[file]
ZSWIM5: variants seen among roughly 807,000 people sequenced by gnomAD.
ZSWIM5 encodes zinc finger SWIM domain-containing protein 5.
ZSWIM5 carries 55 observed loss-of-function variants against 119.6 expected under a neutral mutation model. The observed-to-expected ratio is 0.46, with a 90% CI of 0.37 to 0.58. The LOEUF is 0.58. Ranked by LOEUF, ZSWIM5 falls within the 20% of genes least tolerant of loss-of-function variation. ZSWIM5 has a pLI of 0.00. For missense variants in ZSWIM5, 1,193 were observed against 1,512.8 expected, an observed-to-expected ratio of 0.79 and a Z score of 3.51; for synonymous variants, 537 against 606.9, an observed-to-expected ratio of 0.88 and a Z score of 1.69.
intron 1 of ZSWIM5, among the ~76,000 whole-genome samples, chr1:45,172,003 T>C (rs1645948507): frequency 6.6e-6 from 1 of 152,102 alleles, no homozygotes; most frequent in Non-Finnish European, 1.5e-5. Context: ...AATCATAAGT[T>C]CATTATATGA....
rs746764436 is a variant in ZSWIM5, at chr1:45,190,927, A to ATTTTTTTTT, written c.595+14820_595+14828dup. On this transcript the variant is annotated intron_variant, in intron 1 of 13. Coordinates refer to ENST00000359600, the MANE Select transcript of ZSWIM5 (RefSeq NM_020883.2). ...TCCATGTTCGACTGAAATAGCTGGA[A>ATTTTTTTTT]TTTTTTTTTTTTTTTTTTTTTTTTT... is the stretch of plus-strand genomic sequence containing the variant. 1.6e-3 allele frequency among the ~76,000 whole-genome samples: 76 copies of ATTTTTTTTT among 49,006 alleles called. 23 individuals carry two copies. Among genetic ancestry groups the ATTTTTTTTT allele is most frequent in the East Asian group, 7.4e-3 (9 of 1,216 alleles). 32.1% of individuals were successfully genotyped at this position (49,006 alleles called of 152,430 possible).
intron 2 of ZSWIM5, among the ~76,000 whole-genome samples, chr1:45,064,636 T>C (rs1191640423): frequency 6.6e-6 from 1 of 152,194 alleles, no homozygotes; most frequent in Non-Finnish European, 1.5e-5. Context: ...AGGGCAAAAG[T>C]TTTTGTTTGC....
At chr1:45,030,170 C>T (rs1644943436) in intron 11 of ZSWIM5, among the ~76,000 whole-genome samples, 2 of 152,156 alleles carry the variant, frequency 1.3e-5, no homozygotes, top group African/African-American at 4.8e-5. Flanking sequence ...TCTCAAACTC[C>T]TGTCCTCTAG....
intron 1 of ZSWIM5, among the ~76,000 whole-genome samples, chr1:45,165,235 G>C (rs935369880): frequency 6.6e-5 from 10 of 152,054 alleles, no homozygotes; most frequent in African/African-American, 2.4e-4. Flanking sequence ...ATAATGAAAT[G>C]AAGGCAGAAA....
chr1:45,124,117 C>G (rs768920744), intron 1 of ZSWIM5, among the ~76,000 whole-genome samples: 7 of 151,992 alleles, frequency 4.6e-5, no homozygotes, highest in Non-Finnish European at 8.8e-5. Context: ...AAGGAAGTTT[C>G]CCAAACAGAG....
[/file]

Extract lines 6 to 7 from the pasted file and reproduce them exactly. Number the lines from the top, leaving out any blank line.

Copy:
intron 2 of ZSWIM5, among the ~76,000 whole-genome samples, chr1:45,064,636 T>C (rs1191640423): frequency 6.6e-6 from 1 of 152,194 alleles, no homozygotes; most frequent in Non-Finnish European, 1.5e-5. Context: ...AGGGCAAAAG[T>C]TTTTGTTTGC....
At chr1:45,030,170 C>T (rs1644943436) in intron 11 of ZSWIM5, among the ~76,000 whole-genome samples, 2 of 152,156 alleles carry the variant, frequency 1.3e-5, no homozygotes, top group African/African-American at 4.8e-5. Flanking sequence ...TCTCAAACTC[C>T]TGTCCTCTAG....